The purpose of this Blog

This blog is to detail my 46 years (1973 - 2019) with a 1928 Chevrolet tourer, affectionately called "The Red Chev".

The acquisition, restoration, improvements and my experiences over the years are covered in as much detail as I can remember.

Some of the later postings include car club outings and other vintage car items that I hope will be of interest to people.

If you have the time, scroll back to where it all began in 1973 and follow the journey so far.

Thanks for dropping by.

Regards Ray Dean

See my new section "The Red Chev - Repairs, Improvements, Maintenance and Technical Details" located on the left hand side of the screen.


Saturday, October 15, 2011

Improvement no 8 - Wind and Waterproofing for Highway Driving

Before this modification the wind and rain would come in under to top of the hood and all around the windscreen. It was not a pleasant experience.

 2010 saw the Chev doing a lot more highway driving, so I embarked on a mission to reduce the amount of wind and water coming in through the front of the car.

Step 1 - Where the hood fits over the top of the windscreen, there is a double flap, one side goes to the outside of the windscreen frame, the other to the inside. This never seemed to work, so I fitted self adhesive Velcro to both sides of the top of the windscreen frame, with the other part of the self adhesive Velcro to the inside surfaces of the flap. This was an immediate success, and reduced by about 95% wind and rain coming in over the top of the screen, and can not be seen from the outside.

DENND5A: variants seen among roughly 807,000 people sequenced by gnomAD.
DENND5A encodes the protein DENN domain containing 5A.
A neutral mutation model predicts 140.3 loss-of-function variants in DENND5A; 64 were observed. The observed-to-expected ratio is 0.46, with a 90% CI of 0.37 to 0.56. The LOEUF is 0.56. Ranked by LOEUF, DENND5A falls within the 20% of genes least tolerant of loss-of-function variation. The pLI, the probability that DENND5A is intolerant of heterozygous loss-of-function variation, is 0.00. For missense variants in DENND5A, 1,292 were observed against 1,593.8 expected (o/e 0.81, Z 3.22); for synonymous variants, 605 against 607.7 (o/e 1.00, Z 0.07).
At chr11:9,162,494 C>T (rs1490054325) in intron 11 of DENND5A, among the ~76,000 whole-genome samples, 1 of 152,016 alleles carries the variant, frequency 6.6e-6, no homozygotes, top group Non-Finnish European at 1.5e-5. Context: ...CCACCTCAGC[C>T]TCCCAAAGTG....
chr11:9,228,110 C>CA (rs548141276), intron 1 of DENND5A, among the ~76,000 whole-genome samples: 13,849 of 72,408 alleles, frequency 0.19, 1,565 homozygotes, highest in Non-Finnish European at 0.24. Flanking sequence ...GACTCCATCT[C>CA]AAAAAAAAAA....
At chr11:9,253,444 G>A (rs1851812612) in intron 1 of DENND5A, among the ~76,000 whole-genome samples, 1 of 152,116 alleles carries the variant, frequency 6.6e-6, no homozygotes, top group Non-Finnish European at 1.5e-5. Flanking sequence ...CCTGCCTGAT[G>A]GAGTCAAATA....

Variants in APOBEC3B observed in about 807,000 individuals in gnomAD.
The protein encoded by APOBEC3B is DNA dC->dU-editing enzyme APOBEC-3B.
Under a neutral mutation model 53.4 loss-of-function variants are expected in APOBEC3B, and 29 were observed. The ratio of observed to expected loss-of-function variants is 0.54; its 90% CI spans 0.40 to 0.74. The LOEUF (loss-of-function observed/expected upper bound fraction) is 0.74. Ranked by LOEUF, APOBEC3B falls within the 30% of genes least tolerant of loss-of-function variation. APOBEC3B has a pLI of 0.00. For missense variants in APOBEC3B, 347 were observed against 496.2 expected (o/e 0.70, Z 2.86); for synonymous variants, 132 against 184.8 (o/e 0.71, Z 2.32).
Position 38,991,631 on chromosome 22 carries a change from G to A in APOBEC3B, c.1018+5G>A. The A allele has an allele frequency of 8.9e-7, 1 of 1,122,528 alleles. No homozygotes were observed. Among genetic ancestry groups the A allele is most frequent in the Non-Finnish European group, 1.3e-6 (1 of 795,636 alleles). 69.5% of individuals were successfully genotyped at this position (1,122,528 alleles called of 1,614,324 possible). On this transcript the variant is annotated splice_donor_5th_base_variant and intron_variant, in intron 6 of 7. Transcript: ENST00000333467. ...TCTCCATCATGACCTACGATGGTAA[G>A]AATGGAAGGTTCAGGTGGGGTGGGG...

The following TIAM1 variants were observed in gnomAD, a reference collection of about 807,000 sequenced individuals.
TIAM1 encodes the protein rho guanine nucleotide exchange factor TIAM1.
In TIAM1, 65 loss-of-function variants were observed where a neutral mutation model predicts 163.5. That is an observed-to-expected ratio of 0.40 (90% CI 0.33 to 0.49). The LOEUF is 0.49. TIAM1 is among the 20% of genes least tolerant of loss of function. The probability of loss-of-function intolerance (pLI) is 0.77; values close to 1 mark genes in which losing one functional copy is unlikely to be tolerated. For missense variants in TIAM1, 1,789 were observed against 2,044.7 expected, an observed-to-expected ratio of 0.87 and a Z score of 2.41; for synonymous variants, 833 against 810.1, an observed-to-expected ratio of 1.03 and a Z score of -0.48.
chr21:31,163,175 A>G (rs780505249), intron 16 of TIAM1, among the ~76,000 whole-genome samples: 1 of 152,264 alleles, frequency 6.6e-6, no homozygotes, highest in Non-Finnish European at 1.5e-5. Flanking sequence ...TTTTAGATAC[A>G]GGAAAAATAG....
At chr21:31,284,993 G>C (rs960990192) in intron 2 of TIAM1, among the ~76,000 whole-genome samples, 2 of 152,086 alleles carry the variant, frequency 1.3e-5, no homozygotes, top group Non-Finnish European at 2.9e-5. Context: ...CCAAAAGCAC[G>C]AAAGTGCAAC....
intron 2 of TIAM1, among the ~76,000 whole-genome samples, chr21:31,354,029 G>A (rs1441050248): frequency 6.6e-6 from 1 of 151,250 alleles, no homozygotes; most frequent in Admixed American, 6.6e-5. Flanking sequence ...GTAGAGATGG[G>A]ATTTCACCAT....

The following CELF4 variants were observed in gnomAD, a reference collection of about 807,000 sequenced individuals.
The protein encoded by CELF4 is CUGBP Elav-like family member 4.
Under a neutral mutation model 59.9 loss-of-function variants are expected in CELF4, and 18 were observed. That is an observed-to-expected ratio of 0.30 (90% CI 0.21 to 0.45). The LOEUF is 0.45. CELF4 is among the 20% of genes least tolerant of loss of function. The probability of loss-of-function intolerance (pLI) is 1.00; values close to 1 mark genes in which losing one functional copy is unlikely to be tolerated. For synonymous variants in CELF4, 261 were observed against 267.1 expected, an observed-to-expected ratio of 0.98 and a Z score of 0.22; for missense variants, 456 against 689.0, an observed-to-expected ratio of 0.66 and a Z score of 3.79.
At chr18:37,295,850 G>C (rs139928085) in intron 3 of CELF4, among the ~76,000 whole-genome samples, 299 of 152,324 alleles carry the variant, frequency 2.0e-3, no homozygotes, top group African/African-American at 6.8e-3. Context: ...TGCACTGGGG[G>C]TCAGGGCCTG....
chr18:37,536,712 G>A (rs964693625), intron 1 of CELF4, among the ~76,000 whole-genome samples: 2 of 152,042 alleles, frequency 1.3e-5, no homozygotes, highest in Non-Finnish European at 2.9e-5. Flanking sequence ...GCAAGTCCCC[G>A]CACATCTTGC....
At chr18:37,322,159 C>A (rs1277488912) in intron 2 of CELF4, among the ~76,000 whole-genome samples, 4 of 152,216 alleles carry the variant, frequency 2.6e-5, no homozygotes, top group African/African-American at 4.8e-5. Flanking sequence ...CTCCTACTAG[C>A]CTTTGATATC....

Step 2 - Now the upright posts. I have the original Holden Body Works specification side curtains that I think were supposed to work by air pressure pushing them against the windscreen uprights and screen. They were not very effective. I had the idea that if I made a vinyl insert to fit in behind the side curtains and come out a bit further across the edge of the screen this may help. I made up a couple of heavy cardboard templates and had Grant White, Motor Trimmer, from Rosanna Victoria 9458 3479, make up a pair from vinyl to match the hood. I then fitted longer press stud fittings on the windscreen uprights to take double thickness material. Pleased to say this worked very well also, and eliminated the majority of  wind and water coming in through the sides of the windscreen.

This photo shows the windscreen upright and screen frame with the side curtain removed.

This is the insert I had made up

Here is the insert fitted

The next is the side curtain about to be pressed into the studs

And fully fitted, this is the end effect. You can see the extra material coming out from under the side curtain. As I was careful not to protrude past the windscreen frame it does not hinder my vision.

The final part of the jigsaw was the poorly fitting rubber strip between the bottom of the windscreen frame and the top of the cowl. I had previously bought 2 x rubber kits for a 1928 Chev from two different dealers that turned out to be wrong. The T section they supplied was 1.5 inches, when it should be 2 inches. I only found this out by sheer chance when I was looking to buy a rubber profile to make my own fix. The was not needed as when I fitted the correct T section after 30 odd years, problem solved. Once again I did not know any better, but do now. You can see from the pictures above and below that the T section has an interference fit against the cowl, and with a slightly raised lip on the cowl behind the rubber, hey presto, problem solved.

These modifications combined with a previous one to the sides of the hood
now make the Red Chev a much more pleasant car to drive.

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